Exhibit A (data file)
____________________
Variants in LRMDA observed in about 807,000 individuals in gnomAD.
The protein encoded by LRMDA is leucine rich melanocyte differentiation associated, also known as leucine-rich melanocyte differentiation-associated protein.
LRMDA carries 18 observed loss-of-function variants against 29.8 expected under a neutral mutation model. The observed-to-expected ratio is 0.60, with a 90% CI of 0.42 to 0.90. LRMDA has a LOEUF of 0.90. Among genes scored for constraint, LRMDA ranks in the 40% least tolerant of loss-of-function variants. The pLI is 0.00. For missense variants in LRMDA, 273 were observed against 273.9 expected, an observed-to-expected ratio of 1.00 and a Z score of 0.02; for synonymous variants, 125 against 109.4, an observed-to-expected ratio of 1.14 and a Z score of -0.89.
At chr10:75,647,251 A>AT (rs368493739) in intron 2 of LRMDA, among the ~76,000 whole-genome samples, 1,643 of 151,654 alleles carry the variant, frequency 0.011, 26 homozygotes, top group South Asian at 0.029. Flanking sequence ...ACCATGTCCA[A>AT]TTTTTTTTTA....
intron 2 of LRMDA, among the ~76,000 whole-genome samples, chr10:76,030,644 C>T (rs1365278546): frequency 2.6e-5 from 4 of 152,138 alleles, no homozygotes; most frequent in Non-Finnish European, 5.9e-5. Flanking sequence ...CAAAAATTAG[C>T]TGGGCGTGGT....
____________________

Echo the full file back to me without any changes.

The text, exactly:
Variants in LRMDA observed in about 807,000 individuals in gnomAD.
The protein encoded by LRMDA is leucine rich melanocyte differentiation associated, also known as leucine-rich melanocyte differentiation-associated protein.
LRMDA carries 18 observed loss-of-function variants against 29.8 expected under a neutral mutation model. The observed-to-expected ratio is 0.60, with a 90% CI of 0.42 to 0.90. LRMDA has a LOEUF of 0.90. Among genes scored for constraint, LRMDA ranks in the 40% least tolerant of loss-of-function variants. The pLI is 0.00. For missense variants in LRMDA, 273 were observed against 273.9 expected, an observed-to-expected ratio of 1.00 and a Z score of 0.02; for synonymous variants, 125 against 109.4, an observed-to-expected ratio of 1.14 and a Z score of -0.89.
At chr10:75,647,251 A>AT (rs368493739) in intron 2 of LRMDA, among the ~76,000 whole-genome samples, 1,643 of 151,654 alleles carry the variant, frequency 0.011, 26 homozygotes, top group South Asian at 0.029. Flanking sequence ...ACCATGTCCA[A>AT]TTTTTTTTTA....
intron 2 of LRMDA, among the ~76,000 whole-genome samples, chr10:76,030,644 C>T (rs1365278546): frequency 2.6e-5 from 4 of 152,138 alleles, no homozygotes; most frequent in Non-Finnish European, 5.9e-5. Flanking sequence ...CAAAAATTAG[C>T]TGGGCGTGGT....